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UBC Theses and Dissertations

Truncation error analysis for diffusion schemes in boundary regions of unstructured meshes Puneria, Varun Prakash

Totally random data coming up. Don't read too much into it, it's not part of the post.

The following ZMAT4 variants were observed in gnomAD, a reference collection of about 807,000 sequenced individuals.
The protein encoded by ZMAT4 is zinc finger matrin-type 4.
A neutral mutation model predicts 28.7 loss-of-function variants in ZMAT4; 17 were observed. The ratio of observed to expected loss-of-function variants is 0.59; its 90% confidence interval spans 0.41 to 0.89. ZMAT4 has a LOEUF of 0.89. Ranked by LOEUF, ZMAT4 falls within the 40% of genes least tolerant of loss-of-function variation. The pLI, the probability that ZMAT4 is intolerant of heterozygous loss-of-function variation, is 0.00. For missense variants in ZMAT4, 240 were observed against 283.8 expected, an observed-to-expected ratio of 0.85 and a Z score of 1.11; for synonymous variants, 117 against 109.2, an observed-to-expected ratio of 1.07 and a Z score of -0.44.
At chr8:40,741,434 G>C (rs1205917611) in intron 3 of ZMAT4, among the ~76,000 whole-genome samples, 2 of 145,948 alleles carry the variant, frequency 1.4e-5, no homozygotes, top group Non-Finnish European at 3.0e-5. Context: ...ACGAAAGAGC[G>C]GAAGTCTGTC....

Accuracy of numerical solution is of paramount importance for any CFD simulation. The error in satisfying the continuous partial differential equations by their discrete form results in truncation error and it has a direct influence on discretization errors. Discretization error, which is the difference in the numerical solution and the exact solution to a CFD problem, is generally the largest source of numerical errors. Understanding the relationship between the discretization and truncation error is crucial for reducing numerical errors. Studies have been carried out to understand the truncation-discretization error relationship in the interior regions of a computational domain but fewer for the boundary regions. The effect of different solution reconstruction methods, face gradient averaging schemes and boundary condition implementation methods on boundary truncation error in specific and overall truncation and solution error are the subject of research for this thesis. To achieve the goals laid out, the error has to be quantified first and then tests performed to compare the schemes. The Poisson's equation is chosen as the model diffusion equation. The truncation error coefficients, analogous to the analytical coefficients of the spatial derivatives in Taylor series expansion of truncation error, are quantified using error metrics. The solution error calculation is made possible by a careful selection of exact solutions and their appropriate source terms for Poisson's equation. Analytic tests are performed on a family of topologically regular meshes to test and verify the theoretical implementation of different schemes and to eliminate schemes performing poorly from consideration for numerical tests. The numerical tests are performed on unstructured triangular, mixed and pure quad meshes to extend the accuracy assessment for general meshes. The results obtained from both the tests are utilized to arrive at schemes where the overall truncation error and discretization error can be minimized simultaneously.

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